I Stand With Malala

The moment I found I Am Malala: The Girl Who Stood Up for Education and Was Shot by the Taliban at a charity shop in Stratford-upon-Avon for less than 2 pounds, I knew I had to get it. I had been wanting to read it for a long time, but never got around to purchasing it and it was the perfect opportunity. I can’t describe how truly moving this book is.

It tells Malala Yousafzai’s story. She was born in Pakistan and has faced a lot of hardships. Her father, Ziauddin Yousafzai, a teacher, always supported Malala and encouraged her to speak up for what she believes in. In the book, she expresses her hopes for peace and for every person to be able to access education, especially girls who are often marginalized in this respect. It’s amazing how such a young girl is so wise, but it probably has to do with the difficulties she has overcome, namely being shot at by a taliban. However, she says she does not want to be remembered by that incident, but instead by how she constantly advocates for education.

This book is a nonstop learning experience. I was able to get more insight into Pakistan’s history as well as its people and culture and to understand how the Taliban gained so much strength. Additionally, it sheds light on what being a Muslim entails and what it does not, which is much needed in these times when prejudice is all around.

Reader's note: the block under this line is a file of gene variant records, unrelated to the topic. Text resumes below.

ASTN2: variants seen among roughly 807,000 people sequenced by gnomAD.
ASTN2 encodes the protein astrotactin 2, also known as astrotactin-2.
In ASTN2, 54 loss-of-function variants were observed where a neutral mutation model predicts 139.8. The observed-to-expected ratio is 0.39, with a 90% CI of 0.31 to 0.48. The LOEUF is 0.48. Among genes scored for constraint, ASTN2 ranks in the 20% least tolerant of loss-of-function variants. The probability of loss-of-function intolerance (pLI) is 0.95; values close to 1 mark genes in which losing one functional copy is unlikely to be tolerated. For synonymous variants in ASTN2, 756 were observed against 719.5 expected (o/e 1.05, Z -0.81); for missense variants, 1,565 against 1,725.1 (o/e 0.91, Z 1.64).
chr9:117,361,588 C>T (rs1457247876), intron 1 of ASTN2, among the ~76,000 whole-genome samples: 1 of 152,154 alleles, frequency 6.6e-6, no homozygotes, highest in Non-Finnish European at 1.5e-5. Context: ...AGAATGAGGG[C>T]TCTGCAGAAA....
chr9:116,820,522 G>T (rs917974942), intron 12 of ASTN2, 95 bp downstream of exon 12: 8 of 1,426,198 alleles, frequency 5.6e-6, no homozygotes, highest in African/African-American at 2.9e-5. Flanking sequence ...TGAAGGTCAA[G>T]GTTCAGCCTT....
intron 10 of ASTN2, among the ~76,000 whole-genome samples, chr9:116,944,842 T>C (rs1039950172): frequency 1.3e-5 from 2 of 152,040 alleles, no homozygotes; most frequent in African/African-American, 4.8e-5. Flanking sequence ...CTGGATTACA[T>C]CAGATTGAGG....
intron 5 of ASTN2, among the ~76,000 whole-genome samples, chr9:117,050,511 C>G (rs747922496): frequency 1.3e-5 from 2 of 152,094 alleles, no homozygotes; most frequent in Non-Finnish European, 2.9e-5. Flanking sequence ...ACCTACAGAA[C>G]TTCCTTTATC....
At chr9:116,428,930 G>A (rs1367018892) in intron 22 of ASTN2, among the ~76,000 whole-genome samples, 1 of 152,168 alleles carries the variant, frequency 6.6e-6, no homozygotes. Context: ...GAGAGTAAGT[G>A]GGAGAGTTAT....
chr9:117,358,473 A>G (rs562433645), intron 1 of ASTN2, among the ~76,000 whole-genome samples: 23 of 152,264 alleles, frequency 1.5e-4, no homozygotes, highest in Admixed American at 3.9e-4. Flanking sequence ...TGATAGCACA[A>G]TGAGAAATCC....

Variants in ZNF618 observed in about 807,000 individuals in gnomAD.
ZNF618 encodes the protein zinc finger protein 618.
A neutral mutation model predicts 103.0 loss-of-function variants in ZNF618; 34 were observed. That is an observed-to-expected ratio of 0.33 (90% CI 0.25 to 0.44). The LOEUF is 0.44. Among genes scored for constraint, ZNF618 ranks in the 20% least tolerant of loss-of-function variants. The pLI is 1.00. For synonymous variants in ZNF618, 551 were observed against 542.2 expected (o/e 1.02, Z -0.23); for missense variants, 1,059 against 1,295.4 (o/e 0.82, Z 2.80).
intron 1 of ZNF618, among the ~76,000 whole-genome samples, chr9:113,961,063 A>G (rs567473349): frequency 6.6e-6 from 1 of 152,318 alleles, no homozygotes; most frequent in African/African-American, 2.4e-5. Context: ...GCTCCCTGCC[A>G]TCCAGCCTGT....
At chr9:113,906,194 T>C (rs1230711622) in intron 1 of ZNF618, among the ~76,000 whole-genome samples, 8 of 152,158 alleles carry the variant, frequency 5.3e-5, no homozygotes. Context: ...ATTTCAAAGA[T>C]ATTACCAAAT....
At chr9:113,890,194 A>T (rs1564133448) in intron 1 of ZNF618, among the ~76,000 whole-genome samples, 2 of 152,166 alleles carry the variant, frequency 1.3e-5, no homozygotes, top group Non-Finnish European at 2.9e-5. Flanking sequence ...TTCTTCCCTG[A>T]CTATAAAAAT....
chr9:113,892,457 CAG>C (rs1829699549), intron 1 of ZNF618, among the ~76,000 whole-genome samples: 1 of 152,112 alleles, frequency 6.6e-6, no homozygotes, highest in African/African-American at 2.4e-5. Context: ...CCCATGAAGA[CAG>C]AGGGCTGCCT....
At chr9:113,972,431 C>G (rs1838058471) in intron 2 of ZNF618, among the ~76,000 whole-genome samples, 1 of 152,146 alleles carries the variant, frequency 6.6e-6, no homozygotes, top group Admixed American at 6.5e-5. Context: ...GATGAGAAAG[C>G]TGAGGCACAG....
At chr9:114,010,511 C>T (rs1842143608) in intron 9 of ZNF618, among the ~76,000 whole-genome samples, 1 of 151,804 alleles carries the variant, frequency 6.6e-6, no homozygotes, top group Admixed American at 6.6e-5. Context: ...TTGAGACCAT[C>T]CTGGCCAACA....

I truly admire Malala’s courage and her perseverance in the noble cause she truly believes in. I really recommend her book and looking into how you can do your part to help.

To learn more about or get involved with the Malala Fund, click here.

Favorite quotes:

“One child, one teacher, one book and one pen can change the world”

“Peace in every home, every street, every village, every country – this is my dream. Education for every boy and every girl in the world. To sit down on a chair and read my books with all my friends at school is my right. To see each and every human being with a smile of happiness is my wish.”

“If one man can destroy everything, why can’t one girl change it?”

“The Taliban could take our pens and books, but they couldn’t stop our minds from thinking.”

“In Pakistan when women say they want independence, people think this means we don’t want to obey our fathers, brothers or husbands. But it does not mean that. It means we want to make decisions for ourselves. We want to be free to go to school or to go to work. Nowhere is it written in the Quran that a woman should be dependent on a man. The word has not come down from the heavens to tell us that every woman should listen to a man.”



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